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Ethnic minority individuals have an increased risk of developing a psychotic disorder, particularly if they live in areas of ethnic segregation, or low own group ethnic density. The neurobiological mechanisms underlying this ethnic minority associated risk are unknown. We used functional MRI to investigate neural responses to faces of different ethnicity, in individuals of black ethnicity, and a control group of white British ethnicity individuals.
In total 20 individuals of black ethnicity, and 22 individuals of white British ethnicity underwent a 3T MRI scan while viewing faces of black and white ethnicity. Own group ethnic density was calculated from the 2011 census. Neighbourhood segregation was quantified using the Index of Dissimilarity method.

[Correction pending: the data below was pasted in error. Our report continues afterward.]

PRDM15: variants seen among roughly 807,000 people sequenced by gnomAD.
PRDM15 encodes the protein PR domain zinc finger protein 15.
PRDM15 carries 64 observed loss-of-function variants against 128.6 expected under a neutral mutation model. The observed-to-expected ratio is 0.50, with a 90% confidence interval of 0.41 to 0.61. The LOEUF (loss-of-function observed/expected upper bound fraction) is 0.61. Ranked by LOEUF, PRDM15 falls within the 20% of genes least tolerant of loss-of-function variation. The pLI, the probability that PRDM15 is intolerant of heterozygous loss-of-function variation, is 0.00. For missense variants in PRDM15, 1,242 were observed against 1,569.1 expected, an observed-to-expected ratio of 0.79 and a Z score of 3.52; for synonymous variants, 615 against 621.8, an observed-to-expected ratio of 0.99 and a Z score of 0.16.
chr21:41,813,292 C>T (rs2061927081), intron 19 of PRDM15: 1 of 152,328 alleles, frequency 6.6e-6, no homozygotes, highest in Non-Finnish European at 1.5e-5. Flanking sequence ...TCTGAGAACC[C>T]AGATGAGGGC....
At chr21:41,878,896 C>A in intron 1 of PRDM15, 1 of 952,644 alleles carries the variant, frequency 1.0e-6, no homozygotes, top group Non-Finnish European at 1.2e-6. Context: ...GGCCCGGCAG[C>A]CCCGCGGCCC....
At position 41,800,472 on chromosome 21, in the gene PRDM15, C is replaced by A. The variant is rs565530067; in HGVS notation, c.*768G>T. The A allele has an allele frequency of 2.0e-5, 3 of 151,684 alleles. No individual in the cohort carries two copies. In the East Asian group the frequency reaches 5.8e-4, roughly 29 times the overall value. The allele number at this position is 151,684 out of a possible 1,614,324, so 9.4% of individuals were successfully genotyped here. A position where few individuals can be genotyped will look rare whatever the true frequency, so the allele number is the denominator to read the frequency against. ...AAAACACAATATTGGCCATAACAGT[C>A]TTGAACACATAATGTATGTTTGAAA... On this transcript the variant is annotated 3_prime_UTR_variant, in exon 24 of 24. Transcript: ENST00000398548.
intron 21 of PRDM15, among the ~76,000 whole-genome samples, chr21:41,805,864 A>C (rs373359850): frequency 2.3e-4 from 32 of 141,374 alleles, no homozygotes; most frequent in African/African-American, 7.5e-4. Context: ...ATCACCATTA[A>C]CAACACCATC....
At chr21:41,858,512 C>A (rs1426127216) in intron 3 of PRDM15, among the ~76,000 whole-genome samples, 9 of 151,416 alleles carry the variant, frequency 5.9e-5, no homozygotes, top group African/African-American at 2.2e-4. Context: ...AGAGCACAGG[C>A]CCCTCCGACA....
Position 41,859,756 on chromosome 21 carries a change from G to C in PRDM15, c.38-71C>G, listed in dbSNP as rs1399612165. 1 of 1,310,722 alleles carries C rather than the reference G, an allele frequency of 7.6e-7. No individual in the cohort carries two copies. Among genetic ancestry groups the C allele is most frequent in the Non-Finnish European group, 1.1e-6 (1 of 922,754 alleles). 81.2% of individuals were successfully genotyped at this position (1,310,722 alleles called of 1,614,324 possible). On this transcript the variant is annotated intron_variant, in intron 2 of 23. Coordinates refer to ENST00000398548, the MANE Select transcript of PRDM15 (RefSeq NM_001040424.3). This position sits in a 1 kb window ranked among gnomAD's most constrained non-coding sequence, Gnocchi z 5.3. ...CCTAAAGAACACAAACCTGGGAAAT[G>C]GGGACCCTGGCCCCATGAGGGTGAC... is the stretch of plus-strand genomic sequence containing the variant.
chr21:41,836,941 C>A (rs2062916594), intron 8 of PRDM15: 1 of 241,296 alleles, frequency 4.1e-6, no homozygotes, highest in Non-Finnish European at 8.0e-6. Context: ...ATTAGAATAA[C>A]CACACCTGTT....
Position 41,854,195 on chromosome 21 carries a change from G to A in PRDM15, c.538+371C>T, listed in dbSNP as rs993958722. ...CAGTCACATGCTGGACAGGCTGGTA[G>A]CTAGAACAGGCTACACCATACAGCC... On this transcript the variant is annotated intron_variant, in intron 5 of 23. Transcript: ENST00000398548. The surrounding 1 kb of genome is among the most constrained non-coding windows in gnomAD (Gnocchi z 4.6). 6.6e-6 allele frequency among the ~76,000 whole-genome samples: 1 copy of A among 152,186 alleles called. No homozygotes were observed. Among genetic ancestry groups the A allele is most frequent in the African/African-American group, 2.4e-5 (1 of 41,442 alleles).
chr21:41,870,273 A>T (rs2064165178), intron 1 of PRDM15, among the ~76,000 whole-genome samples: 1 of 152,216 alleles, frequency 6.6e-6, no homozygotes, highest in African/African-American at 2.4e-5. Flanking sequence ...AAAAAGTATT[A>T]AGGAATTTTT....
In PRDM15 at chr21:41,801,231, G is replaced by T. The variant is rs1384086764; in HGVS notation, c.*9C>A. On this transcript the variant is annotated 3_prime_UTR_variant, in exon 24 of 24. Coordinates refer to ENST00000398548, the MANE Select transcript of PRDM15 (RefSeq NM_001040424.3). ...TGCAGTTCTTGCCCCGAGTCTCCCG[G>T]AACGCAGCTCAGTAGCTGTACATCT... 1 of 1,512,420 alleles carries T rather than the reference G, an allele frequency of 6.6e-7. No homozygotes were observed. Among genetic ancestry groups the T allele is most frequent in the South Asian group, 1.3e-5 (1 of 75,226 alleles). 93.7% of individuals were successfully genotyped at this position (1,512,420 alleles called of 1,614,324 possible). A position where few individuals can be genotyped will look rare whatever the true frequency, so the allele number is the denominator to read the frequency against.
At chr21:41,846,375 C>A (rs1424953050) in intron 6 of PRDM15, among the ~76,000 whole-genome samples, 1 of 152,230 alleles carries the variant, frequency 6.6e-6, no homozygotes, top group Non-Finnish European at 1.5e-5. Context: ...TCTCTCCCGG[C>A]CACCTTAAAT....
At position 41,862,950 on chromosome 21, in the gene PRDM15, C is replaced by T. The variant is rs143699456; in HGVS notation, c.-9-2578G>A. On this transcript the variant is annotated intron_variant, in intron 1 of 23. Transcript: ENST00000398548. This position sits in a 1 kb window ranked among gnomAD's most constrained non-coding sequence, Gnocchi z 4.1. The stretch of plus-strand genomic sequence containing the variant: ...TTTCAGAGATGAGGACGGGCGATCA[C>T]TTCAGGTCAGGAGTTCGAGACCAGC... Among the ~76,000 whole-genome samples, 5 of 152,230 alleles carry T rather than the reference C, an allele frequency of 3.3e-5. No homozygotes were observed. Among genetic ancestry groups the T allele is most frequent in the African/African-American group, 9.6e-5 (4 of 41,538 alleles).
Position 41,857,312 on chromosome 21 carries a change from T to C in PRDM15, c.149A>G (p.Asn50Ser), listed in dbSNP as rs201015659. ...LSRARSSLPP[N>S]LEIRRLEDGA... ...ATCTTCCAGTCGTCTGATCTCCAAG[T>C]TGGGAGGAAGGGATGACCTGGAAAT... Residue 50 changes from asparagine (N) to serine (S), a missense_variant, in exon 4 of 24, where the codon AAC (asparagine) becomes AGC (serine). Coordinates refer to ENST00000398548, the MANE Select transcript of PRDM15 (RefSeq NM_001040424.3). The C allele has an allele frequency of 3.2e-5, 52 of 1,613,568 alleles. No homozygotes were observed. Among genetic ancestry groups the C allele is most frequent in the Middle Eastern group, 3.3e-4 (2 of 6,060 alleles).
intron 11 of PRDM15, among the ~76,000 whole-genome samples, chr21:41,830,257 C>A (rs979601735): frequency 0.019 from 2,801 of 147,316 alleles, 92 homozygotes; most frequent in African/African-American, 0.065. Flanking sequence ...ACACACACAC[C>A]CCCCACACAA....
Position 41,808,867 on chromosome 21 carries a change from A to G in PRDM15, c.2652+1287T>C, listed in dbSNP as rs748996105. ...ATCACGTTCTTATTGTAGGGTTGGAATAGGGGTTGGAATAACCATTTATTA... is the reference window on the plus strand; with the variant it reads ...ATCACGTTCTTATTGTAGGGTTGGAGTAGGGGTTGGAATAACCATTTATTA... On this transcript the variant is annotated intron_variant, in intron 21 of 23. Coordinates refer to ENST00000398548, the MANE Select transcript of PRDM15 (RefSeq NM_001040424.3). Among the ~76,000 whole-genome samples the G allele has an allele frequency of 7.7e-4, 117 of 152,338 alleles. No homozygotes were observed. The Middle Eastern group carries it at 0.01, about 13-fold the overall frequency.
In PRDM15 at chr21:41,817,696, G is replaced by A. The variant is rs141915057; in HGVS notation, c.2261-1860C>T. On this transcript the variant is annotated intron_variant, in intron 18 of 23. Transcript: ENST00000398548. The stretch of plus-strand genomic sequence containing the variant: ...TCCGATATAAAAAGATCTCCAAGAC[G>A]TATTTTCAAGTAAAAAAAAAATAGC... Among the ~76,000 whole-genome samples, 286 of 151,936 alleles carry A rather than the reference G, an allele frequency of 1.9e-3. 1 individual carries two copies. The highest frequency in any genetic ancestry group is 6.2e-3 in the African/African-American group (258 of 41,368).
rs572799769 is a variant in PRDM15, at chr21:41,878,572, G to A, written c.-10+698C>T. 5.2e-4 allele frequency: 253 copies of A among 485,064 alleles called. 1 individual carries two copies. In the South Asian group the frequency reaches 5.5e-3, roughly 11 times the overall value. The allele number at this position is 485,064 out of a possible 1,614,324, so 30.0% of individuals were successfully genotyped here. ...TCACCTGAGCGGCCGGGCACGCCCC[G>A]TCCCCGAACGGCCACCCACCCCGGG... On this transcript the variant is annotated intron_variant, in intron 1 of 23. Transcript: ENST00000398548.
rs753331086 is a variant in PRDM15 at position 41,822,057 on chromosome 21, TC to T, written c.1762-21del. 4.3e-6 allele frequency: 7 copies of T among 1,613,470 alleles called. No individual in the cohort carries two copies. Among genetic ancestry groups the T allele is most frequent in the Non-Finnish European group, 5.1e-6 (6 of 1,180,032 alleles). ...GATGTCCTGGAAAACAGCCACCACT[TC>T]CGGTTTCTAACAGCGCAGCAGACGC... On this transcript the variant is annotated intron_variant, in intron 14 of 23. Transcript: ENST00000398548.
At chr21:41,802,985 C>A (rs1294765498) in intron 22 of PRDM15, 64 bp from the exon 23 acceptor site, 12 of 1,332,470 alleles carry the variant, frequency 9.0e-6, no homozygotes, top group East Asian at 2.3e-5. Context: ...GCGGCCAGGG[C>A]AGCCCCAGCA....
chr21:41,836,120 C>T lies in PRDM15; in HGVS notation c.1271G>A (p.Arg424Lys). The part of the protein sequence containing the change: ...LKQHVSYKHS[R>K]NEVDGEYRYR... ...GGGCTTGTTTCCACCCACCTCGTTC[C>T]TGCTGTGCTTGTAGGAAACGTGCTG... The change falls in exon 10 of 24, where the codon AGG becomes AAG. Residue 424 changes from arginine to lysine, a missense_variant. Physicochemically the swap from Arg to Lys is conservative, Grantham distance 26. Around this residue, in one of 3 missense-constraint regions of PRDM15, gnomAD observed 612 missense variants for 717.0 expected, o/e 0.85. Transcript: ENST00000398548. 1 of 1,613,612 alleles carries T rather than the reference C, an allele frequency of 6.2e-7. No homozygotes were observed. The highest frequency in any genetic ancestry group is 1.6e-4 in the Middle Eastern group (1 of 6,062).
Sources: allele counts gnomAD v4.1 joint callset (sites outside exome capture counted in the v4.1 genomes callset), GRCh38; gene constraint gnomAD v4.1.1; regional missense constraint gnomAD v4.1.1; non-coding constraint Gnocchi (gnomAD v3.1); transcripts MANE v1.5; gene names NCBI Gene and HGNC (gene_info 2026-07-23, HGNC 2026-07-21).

At the within-group level, both groups showed greater right amygdala activation to outgroup faces. Between groups, the black ethnicity group showed greater right amygdala activation to white faces, compared to the white ethnicity group. Within the black ethnicity group, individuals living in areas of lower own group ethnic density showed greater right amygdala reactivity to white faces (r = −0.61, p = 0.01).
This is the first time an increased amygdala response to white faces has been demonstrated in individuals of black ethnicity. In the black ethnicity group, correlations were observed between amygdala response and neighbourhood variables associated with increased psychosis risk. These results may have relevance for our understanding of the increased rates of paranoia and psychotic disorders in ethnic minority individuals.
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